First Person: Our Home Purchase Mistakes

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As they say, hindsight is 20/20, and nothing rings more true when it comes to our first home ownership experience. Looking back on it now, there are all sorts of things that I would do differently. I think that make a few major changes though that would have had a significant affect on the overall outcome of that first home experience.

If I had it to do all over again, these are the four things that I would definitely have done differently when it came to buying our home.


When we had our home on the market, we had several offers from people interested in renting to own. This was in 2010 when the market in many areas of Chicagoland was still falling. We turned down these offers since we didn't want to deal with renters and just wanted to be done with the home sale process. However, it served as an important lesson on how we should have bought our own home.

I really like the idea of having a year to get to know a home -- all it's little quirks and nuances -- and the area in which we would be living before actually buying a home. In this way we'd have the option -- after we got a feel for the place -- to go ahead and buy if we like it or back out with only the rent we'd paid and a few thousand dollars in earnest money on the line rather than a full downpayment, closing costs, and equity.

Real Estate Agent Selection

I'm fine with building a strong relationship with a real estate agent, as long as that relationship stays mostly business. Unfortunately, during our first home purchase, we went with an old family friend. This made it slightly harder to say no, give her feedback about what we didn't like, and just say "no" in general.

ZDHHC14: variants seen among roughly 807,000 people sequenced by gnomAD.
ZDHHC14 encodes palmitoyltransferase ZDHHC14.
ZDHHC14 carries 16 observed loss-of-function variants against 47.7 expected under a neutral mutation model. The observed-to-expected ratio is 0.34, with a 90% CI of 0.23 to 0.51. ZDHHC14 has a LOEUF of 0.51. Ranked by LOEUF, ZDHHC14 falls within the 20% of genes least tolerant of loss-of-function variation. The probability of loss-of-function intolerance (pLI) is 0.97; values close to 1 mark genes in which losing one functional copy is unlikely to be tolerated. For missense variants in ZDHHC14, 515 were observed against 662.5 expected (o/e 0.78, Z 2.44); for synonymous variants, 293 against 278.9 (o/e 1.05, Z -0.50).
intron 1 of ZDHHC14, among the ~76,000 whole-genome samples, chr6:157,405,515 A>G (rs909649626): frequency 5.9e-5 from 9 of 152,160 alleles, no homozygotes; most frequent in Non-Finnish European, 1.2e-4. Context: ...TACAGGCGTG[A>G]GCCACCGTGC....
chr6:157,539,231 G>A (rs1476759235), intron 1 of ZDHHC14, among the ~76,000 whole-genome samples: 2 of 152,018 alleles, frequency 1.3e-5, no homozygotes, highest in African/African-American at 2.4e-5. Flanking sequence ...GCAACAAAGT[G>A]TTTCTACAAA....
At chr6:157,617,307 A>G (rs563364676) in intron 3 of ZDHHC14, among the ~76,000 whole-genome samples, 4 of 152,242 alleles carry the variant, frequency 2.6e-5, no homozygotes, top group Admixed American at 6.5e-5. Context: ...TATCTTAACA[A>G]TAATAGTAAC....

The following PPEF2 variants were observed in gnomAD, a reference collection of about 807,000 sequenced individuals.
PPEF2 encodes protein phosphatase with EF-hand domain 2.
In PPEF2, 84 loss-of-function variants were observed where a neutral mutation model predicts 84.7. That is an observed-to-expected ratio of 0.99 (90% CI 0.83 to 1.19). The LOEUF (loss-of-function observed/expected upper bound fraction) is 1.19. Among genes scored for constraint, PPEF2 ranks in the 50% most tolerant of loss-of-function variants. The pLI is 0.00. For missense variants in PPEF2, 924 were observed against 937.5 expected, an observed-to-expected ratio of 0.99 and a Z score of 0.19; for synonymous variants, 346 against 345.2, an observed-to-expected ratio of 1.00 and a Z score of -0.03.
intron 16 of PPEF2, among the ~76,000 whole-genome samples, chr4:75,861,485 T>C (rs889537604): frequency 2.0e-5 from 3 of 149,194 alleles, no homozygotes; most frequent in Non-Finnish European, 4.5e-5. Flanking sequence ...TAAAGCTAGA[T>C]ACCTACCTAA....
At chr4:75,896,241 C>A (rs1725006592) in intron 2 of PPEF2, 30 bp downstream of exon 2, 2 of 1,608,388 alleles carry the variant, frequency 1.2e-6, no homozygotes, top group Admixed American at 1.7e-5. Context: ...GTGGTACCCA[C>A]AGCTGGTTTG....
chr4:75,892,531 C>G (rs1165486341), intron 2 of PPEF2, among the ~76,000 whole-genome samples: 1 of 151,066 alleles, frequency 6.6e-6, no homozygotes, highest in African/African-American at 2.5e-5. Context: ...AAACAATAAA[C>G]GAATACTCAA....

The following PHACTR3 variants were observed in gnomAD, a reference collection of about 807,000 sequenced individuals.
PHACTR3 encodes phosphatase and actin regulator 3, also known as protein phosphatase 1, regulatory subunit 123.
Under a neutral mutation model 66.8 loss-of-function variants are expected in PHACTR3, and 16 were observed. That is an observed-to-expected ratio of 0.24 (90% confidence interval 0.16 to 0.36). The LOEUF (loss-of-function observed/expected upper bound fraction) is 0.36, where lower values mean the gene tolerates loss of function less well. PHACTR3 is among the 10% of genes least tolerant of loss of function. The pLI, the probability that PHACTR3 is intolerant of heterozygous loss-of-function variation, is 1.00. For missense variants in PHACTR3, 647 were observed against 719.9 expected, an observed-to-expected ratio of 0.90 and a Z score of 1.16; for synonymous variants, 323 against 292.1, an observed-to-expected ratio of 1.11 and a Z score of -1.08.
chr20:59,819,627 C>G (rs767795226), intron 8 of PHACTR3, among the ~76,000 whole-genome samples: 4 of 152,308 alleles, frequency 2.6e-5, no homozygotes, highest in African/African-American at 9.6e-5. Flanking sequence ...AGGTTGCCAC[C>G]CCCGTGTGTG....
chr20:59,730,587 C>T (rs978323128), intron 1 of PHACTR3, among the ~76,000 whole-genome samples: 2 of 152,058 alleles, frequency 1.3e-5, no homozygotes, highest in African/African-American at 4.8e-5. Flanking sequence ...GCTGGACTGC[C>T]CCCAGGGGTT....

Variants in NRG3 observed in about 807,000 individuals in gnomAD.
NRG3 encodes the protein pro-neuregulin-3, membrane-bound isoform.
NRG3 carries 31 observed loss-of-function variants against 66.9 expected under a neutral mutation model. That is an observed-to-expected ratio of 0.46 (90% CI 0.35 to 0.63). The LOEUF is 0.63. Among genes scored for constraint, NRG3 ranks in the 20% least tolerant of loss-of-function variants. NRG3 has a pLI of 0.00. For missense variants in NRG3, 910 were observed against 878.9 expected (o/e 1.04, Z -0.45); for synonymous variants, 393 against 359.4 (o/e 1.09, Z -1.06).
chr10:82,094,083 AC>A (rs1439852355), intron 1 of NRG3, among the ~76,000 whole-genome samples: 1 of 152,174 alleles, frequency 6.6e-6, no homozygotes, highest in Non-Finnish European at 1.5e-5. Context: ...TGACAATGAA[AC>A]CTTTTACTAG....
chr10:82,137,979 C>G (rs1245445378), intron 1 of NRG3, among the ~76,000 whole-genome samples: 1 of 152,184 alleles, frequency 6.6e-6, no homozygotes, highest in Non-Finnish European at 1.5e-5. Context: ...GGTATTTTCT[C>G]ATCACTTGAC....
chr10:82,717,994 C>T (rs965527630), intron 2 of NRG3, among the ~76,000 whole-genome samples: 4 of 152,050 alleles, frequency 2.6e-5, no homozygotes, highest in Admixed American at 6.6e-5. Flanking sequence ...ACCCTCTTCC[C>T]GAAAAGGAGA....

Focus More on Area, Less on Taxes

During our first home purchase, we focused a lot on property taxes. While I still think property tax rates are an important aspect of consideration when buying a home, I don't think it's necessarily the most important. In the process, we put too much weight on this area of home ownership -- finding lower property tax rates -- and let it push us toward a living location that didn't fit our personal wants and interests. This led to boredom, unhappiness, and our home not retaining its value as well as many areas with higher property taxes and more amenities.

Consider a Condo

I was totally against condo living at the time we were searching for our first home. While I still think that there are a variety of potential pitfalls regarding condo living (although we live in one now), I don't think all condo situations are bad.

Had I been more open to a condo arrangement, we might not only have been able to get our first home purchase option right, but we could have saved a lot of lost money on things like our previous home sale, lost equity, and moving, as well as avoid a lot of lost time, aggravation, and frustration.

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The author is not a licensed financial or real estate professional. The information provided in this article is for informational purposes only and does not constitute legal, financial or real estate advice. Any action taken by the reader due to the information provided in this article is solely at the reader's discretion.


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